This is a false comparison, Monetary Sovereignty vs. monetary non-sovereignty. The two are diametrically opposed, which also is why your debt can be overwhelming while the federal government’s never is.
Being Monetarily Sovereign, the federal government has the infinite ability to create dollars just by pressing computer keys.
Alan Greenspan: “A government cannot become insolvent with respect to obligations in its own currency.”
Ben Bernanke: “The U.S. government has a technology, called a printing press (or, today, its electronic equivalent), that allows it to produce as many U.S. dollars as it wishes at essentially no cost.”
Finally: The proof is in the results. If the CRFB were telling the truth, you would see the nations with the highest Debt/GDP ratio having what the CRFB calls a “financially unstable trajectory,” while the countries with the lowest Debt/GDP ratio would be the most “financially stable.”
Study this list from Macrotrends, and using it as a guide, tell me which nations are more financially stable and which are less financially stable:
Was Jamaica more or less financially stable than Japan and the United Kingdom? What about the United States vs. Russia? South Korea vs. St. Lucia? The U.K. vs. Jordan?
As you can see, Debt/GDP means nothing concerning “financial stability.” The whole concept is a giant lie foisted upon the American public by mouthpieces for the rich.
Those are the facts. The federal “debt” (that isn’t a debt of the federal government) grew eleven thousand percent since 1951. Is today’s America more financially unstable than it was after WWII?
And there’s this:
If a high Debt/GDP ratio caused inflation, one would expect some correspondence between the peaks and valleys of Debt/GDP and inflation. No such parallel exists.
What does cause inflation?
The price of oil, not the Debt/GDP ratio, is the prime driver of inflation. The peaks and valleys of the Oil Price / Inflation ratio correspond.
The RBFB’s B.S. continues:
Perhaps most troubling is the effect of these changes on interest spending.
Under CBO’s baseline, interest costs were already projected to triple from roughly $400 billion in 2022 to $1.2 trillion in 2032.
As a result of higher debt and higher interest rates, we now expect them to rise to $1.3 trillion in our baseline scenario, $1.4 trillion in our intermediate scenario, and $1.6 trillion in our high-cost alternate scenario.
As a share of the economy, interest costs would be in uncharted territory. In all of American history, federal interest costs have never exceeded 3.2 percent of GDP.
We project interest costs will reach 3.4 percent of GDP by 2032 under our baseline scenario, 3.9 percent under the intermediate alternate scenario, and 4.4 percent under the high-cost alternate scenario.
And why is this a problem? It isn’t. The U.S. federal government never, never, never can run short of dollars to pay interest. And those dollars go right into Gross Domestic Product.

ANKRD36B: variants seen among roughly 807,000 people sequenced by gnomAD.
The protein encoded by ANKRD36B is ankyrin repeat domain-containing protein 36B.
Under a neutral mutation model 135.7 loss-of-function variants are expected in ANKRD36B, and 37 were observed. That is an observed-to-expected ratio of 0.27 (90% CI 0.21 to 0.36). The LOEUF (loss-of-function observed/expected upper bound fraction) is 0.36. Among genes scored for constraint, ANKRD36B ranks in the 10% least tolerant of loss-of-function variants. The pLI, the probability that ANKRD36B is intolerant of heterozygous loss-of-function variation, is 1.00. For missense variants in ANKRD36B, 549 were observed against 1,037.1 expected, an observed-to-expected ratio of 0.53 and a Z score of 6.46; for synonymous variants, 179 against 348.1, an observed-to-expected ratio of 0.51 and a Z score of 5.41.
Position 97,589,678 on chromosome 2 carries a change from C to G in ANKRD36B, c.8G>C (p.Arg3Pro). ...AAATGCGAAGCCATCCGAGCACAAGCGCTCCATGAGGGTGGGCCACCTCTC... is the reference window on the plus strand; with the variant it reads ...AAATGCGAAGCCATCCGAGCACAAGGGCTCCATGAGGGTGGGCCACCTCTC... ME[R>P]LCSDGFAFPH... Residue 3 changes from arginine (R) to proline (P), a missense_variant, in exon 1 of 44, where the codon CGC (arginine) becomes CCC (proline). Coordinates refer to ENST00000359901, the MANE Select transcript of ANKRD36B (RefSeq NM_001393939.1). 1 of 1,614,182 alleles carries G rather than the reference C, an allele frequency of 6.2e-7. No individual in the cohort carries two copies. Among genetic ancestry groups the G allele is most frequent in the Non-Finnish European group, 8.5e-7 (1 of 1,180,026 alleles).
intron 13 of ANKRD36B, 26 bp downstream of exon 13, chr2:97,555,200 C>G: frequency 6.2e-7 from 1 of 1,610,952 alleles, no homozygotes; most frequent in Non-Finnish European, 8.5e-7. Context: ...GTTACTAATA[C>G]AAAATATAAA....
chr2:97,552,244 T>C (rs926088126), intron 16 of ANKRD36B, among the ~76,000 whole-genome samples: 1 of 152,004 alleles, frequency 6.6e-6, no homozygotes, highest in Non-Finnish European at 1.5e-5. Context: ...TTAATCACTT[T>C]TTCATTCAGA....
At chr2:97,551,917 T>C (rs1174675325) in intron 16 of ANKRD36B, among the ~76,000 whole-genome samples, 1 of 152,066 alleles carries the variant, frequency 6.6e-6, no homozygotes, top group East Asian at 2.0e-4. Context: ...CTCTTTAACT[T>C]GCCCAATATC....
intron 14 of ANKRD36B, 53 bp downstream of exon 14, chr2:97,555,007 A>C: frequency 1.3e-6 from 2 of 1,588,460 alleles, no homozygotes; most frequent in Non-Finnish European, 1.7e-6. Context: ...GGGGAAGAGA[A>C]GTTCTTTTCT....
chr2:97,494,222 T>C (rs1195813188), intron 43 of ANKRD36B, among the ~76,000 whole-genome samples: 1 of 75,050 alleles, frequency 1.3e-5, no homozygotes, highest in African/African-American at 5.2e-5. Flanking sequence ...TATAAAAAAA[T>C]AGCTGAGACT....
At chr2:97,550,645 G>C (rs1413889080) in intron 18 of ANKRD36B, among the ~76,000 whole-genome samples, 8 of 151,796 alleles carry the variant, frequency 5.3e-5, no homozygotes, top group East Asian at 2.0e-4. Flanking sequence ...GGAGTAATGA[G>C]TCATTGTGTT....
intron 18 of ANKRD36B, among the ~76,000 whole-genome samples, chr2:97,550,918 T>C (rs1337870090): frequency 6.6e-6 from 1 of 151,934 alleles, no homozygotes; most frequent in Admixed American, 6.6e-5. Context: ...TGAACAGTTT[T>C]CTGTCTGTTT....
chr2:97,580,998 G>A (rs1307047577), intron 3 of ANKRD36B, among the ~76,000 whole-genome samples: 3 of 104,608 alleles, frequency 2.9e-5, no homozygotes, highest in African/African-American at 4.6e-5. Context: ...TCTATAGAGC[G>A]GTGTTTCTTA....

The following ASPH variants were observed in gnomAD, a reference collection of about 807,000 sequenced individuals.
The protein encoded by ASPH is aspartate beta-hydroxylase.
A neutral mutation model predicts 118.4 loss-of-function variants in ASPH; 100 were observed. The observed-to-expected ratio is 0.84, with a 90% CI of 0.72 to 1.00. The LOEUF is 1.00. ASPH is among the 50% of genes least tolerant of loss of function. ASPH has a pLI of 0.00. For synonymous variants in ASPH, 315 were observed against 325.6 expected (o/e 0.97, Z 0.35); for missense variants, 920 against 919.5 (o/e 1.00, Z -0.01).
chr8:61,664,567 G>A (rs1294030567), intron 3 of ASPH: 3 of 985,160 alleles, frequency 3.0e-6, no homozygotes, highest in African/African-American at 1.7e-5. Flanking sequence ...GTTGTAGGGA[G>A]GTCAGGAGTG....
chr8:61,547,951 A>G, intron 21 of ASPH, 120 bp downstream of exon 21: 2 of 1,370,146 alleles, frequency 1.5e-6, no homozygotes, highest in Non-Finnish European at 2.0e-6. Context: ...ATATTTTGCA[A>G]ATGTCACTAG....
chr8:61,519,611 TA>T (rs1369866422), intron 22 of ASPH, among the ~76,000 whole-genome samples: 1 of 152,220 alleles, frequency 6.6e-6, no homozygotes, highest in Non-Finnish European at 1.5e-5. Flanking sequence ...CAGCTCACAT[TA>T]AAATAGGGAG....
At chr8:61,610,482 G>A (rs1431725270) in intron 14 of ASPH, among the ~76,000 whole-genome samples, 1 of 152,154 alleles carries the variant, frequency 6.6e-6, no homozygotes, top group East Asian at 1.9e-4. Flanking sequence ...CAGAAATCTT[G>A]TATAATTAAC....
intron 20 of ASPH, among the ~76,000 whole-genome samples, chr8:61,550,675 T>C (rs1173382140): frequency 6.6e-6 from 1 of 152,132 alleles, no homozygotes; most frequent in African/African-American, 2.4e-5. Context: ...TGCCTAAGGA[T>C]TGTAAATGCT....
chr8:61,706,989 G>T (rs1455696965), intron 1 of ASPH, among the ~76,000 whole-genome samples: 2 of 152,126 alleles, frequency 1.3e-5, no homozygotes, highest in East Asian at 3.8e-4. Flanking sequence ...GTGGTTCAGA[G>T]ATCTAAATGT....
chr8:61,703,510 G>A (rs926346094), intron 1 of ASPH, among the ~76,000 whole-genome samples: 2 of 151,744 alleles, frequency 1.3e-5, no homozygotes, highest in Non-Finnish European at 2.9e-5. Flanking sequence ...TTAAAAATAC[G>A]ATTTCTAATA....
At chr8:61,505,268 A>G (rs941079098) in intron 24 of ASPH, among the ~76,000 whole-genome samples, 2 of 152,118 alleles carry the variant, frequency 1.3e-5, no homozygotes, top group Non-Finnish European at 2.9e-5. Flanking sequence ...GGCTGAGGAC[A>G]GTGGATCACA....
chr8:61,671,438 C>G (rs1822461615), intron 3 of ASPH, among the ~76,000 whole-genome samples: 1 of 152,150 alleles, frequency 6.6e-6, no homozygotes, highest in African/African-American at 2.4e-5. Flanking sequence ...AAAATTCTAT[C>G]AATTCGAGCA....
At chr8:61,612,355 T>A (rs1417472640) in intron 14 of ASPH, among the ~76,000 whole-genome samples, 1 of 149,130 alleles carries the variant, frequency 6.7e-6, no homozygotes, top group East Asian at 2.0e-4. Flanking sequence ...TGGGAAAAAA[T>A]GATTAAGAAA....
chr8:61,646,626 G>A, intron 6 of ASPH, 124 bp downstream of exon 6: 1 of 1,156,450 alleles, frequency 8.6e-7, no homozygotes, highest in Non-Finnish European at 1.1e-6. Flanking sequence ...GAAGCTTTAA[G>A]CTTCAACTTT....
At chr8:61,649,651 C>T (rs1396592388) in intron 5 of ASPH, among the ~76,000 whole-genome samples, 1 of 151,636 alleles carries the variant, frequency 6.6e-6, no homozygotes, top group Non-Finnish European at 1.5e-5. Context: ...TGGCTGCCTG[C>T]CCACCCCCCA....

Federal interest payments add directly to GDP. They stimulate economic growth. They make the private sector richer.
GDP = FEDERAL SPENDING + NON-FEDERAL SPENDING + NET EXPORTS
Objecting to federal spending is objecting to GDP growth. Why does the CRFB object to that?
There is a reason, which I will get to shortly.
At the same time as inflation is surging and interest rates are rising, our new projections show that the United States faces an unsustainable fiscal outlook.
Liars like the CRFB have called the federal debt “unsustainable” (and a ticking time bomb) every year since the 1940s. Yet, here we are. Sustaining. We are “sustaining” an eleven thousand percent increase in federal “debt” (that isn’t debt) very nicely, thank you.
Year, after year, for 75 years, liars, fakers, and fear-mongers have been wrong. Again. Again. Again. How stupid do we have to be to keep believing the same lie when every scary prediction fails?
We laugh when the Peanuts character Lucy keeps pulling the football away, and Charlie Brown keeps believing. But we are the Charlie Browns, the CRFB, and all the other lying pundits are Lucy. They keep “pulling the football away,” and we keep believing that next time . . . but next time never comes.
And the beat goes on: The lies just keep coming:
The following is a statement from Maya MacGuineas, president of the Committee for a Responsible Federal Budget:
We are asking lawmakers to take one small step towards fiscal responsibility and agree there should be no new borrowing for the remainder of 2022. There is not one single economic justification to borrow rather than pay for any new priorities.
This is only 46 days, and it will be good practice for politicians to break their addiction to debt. Those who are being negatively affected by high levels of inflation – as in, all of us – should ask any policymaker who votes for new borrowing why they are choosing to make inflationary conditions worse rather than better.
The last thing this country needs is a Christmas Tree package full of unpaid-for tax breaks and spending hikes.
Any policymaker who votes for new borrowing instead of paid-for legislation under these economic conditions is not taking the hardships they are creating on working families seriously enough.
What’s wrong with it? It’s all a lie.
First, the U.S. government never borrows dollars. Why should it, given that it can create dollars simply by pressing computer keys.
Statement from the St. Louis Fed:
“As the sole manufacturer of dollars, whose debt is denominated in dollars, the U.S. government can never become insolvent, i.e., unable to pay its bills. In this sense, the government is not dependent on credit markets to remain operational.”
That thing erroneously called “borrowing” is the acceptance of deposits into T-security accounts, and the federal government never touches those dollars. It’s like accepting deposits into safe deposit boxes. Is that bank borrowing?
Second, tax breaks are nothing more than dollars not taken from the economy. Tax breaks are economically stimulative. Leaving money in the private sector is the only way the economy can grow.